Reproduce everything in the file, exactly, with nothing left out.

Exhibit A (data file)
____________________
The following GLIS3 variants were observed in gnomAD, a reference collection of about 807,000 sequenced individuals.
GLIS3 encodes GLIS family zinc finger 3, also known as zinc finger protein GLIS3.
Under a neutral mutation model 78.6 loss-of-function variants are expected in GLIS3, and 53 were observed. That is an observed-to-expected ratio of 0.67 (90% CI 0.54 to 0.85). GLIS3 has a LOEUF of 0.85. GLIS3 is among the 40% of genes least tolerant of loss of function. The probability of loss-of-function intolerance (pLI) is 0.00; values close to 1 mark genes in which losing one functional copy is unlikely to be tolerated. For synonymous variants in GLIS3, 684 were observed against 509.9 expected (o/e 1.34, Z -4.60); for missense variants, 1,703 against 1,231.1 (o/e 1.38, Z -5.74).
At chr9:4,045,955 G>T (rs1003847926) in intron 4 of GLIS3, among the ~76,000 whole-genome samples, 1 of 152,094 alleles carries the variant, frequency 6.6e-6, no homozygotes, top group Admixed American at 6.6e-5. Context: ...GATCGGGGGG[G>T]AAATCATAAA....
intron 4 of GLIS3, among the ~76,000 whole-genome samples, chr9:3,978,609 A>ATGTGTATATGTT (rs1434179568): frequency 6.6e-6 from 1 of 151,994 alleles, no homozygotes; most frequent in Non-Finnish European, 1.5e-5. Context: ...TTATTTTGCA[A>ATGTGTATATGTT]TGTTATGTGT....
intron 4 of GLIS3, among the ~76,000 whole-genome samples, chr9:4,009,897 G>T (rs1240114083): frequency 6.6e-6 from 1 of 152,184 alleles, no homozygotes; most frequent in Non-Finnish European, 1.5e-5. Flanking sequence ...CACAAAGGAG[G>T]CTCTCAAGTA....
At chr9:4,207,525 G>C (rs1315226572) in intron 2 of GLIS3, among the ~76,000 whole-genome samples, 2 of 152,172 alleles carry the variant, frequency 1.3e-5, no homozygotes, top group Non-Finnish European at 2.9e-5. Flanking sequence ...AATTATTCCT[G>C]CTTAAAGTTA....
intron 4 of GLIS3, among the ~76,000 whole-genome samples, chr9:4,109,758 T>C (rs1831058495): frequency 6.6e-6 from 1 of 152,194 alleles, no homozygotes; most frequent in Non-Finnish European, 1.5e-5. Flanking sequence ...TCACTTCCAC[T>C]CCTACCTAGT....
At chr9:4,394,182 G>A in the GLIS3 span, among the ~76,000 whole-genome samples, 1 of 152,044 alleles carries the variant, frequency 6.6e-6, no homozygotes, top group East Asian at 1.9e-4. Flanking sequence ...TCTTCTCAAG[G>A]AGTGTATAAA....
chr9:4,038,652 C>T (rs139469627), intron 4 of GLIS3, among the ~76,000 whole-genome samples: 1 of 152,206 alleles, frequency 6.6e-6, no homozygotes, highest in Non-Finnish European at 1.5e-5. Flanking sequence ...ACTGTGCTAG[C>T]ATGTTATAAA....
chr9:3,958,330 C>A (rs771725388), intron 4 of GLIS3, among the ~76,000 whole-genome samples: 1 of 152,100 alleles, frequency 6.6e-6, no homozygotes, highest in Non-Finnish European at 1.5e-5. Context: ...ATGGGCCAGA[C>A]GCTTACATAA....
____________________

The following GLIS3 variants were observed in gnomAD, a reference collection of about 807,000 sequenced individuals.
GLIS3 encodes GLIS family zinc finger 3, also known as zinc finger protein GLIS3.
Under a neutral mutation model 78.6 loss-of-function variants are expected in GLIS3, and 53 were observed. That is an observed-to-expected ratio of 0.67 (90% CI 0.54 to 0.85). GLIS3 has a LOEUF of 0.85. GLIS3 is among the 40% of genes least tolerant of loss of function. The probability of loss-of-function intolerance (pLI) is 0.00; values close to 1 mark genes in which losing one functional copy is unlikely to be tolerated. For synonymous variants in GLIS3, 684 were observed against 509.9 expected (o/e 1.34, Z -4.60); for missense variants, 1,703 against 1,231.1 (o/e 1.38, Z -5.74).
At chr9:4,045,955 G>T (rs1003847926) in intron 4 of GLIS3, among the ~76,000 whole-genome samples, 1 of 152,094 alleles carries the variant, frequency 6.6e-6, no homozygotes, top group Admixed American at 6.6e-5. Context: ...GATCGGGGGG[G>T]AAATCATAAA....
intron 4 of GLIS3, among the ~76,000 whole-genome samples, chr9:3,978,609 A>ATGTGTATATGTT (rs1434179568): frequency 6.6e-6 from 1 of 151,994 alleles, no homozygotes; most frequent in Non-Finnish European, 1.5e-5. Context: ...TTATTTTGCA[A>ATGTGTATATGTT]TGTTATGTGT....
intron 4 of GLIS3, among the ~76,000 whole-genome samples, chr9:4,009,897 G>T (rs1240114083): frequency 6.6e-6 from 1 of 152,184 alleles, no homozygotes; most frequent in Non-Finnish European, 1.5e-5. Flanking sequence ...CACAAAGGAG[G>T]CTCTCAAGTA....
At chr9:4,207,525 G>C (rs1315226572) in intron 2 of GLIS3, among the ~76,000 whole-genome samples, 2 of 152,172 alleles carry the variant, frequency 1.3e-5, no homozygotes, top group Non-Finnish European at 2.9e-5. Flanking sequence ...AATTATTCCT[G>C]CTTAAAGTTA....
intron 4 of GLIS3, among the ~76,000 whole-genome samples, chr9:4,109,758 T>C (rs1831058495): frequency 6.6e-6 from 1 of 152,194 alleles, no homozygotes; most frequent in Non-Finnish European, 1.5e-5. Flanking sequence ...TCACTTCCAC[T>C]CCTACCTAGT....
At chr9:4,394,182 G>A in the GLIS3 span, among the ~76,000 whole-genome samples, 1 of 152,044 alleles carries the variant, frequency 6.6e-6, no homozygotes, top group East Asian at 1.9e-4. Flanking sequence ...TCTTCTCAAG[G>A]AGTGTATAAA....
chr9:4,038,652 C>T (rs139469627), intron 4 of GLIS3, among the ~76,000 whole-genome samples: 1 of 152,206 alleles, frequency 6.6e-6, no homozygotes, highest in Non-Finnish European at 1.5e-5. Flanking sequence ...ACTGTGCTAG[C>T]ATGTTATAAA....
chr9:3,958,330 C>A (rs771725388), intron 4 of GLIS3, among the ~76,000 whole-genome samples: 1 of 152,100 alleles, frequency 6.6e-6, no homozygotes, highest in Non-Finnish European at 1.5e-5. Context: ...ATGGGCCAGA[C>A]GCTTACATAA....